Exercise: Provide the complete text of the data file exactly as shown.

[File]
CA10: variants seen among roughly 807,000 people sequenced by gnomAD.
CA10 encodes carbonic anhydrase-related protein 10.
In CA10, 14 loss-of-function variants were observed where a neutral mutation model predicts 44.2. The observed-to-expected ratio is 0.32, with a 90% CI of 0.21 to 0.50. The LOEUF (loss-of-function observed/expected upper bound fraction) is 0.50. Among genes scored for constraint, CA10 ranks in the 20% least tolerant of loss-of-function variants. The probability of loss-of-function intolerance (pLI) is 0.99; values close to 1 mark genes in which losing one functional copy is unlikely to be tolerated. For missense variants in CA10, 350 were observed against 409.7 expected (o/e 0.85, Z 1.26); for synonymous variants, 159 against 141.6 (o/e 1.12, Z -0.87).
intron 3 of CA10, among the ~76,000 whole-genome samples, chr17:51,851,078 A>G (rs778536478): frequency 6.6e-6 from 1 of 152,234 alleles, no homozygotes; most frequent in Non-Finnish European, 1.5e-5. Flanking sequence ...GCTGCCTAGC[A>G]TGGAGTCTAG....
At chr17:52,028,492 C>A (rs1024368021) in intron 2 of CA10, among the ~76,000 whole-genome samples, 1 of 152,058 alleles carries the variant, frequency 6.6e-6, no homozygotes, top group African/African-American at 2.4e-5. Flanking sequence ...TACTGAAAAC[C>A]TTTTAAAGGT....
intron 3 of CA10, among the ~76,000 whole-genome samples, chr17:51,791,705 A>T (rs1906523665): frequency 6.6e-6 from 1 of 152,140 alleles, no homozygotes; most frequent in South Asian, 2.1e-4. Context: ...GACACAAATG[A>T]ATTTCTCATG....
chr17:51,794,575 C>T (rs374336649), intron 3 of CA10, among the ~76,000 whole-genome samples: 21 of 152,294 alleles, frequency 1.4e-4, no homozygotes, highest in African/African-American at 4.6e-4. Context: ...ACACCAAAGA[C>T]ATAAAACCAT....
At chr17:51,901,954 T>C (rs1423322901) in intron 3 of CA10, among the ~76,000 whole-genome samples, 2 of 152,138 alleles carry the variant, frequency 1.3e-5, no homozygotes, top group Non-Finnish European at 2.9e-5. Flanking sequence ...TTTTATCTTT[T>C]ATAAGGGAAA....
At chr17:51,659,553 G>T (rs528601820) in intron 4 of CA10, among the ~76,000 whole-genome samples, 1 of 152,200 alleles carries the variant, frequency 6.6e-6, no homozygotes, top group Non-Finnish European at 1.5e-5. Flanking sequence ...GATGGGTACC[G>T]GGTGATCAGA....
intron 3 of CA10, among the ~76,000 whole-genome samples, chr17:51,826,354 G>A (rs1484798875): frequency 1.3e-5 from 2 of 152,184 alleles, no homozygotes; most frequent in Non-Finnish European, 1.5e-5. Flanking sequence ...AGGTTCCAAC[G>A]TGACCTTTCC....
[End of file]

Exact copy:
CA10: variants seen among roughly 807,000 people sequenced by gnomAD.
CA10 encodes carbonic anhydrase-related protein 10.
In CA10, 14 loss-of-function variants were observed where a neutral mutation model predicts 44.2. The observed-to-expected ratio is 0.32, with a 90% CI of 0.21 to 0.50. The LOEUF (loss-of-function observed/expected upper bound fraction) is 0.50. Among genes scored for constraint, CA10 ranks in the 20% least tolerant of loss-of-function variants. The probability of loss-of-function intolerance (pLI) is 0.99; values close to 1 mark genes in which losing one functional copy is unlikely to be tolerated. For missense variants in CA10, 350 were observed against 409.7 expected (o/e 0.85, Z 1.26); for synonymous variants, 159 against 141.6 (o/e 1.12, Z -0.87).
intron 3 of CA10, among the ~76,000 whole-genome samples, chr17:51,851,078 A>G (rs778536478): frequency 6.6e-6 from 1 of 152,234 alleles, no homozygotes; most frequent in Non-Finnish European, 1.5e-5. Flanking sequence ...GCTGCCTAGC[A>G]TGGAGTCTAG....
At chr17:52,028,492 C>A (rs1024368021) in intron 2 of CA10, among the ~76,000 whole-genome samples, 1 of 152,058 alleles carries the variant, frequency 6.6e-6, no homozygotes, top group African/African-American at 2.4e-5. Flanking sequence ...TACTGAAAAC[C>A]TTTTAAAGGT....
intron 3 of CA10, among the ~76,000 whole-genome samples, chr17:51,791,705 A>T (rs1906523665): frequency 6.6e-6 from 1 of 152,140 alleles, no homozygotes; most frequent in South Asian, 2.1e-4. Context: ...GACACAAATG[A>T]ATTTCTCATG....
chr17:51,794,575 C>T (rs374336649), intron 3 of CA10, among the ~76,000 whole-genome samples: 21 of 152,294 alleles, frequency 1.4e-4, no homozygotes, highest in African/African-American at 4.6e-4. Context: ...ACACCAAAGA[C>T]ATAAAACCAT....
At chr17:51,901,954 T>C (rs1423322901) in intron 3 of CA10, among the ~76,000 whole-genome samples, 2 of 152,138 alleles carry the variant, frequency 1.3e-5, no homozygotes, top group Non-Finnish European at 2.9e-5. Flanking sequence ...TTTTATCTTT[T>C]ATAAGGGAAA....
At chr17:51,659,553 G>T (rs528601820) in intron 4 of CA10, among the ~76,000 whole-genome samples, 1 of 152,200 alleles carries the variant, frequency 6.6e-6, no homozygotes, top group Non-Finnish European at 1.5e-5. Flanking sequence ...GATGGGTACC[G>T]GGTGATCAGA....
intron 3 of CA10, among the ~76,000 whole-genome samples, chr17:51,826,354 G>A (rs1484798875): frequency 1.3e-5 from 2 of 152,184 alleles, no homozygotes; most frequent in Non-Finnish European, 1.5e-5. Flanking sequence ...AGGTTCCAAC[G>A]TGACCTTTCC....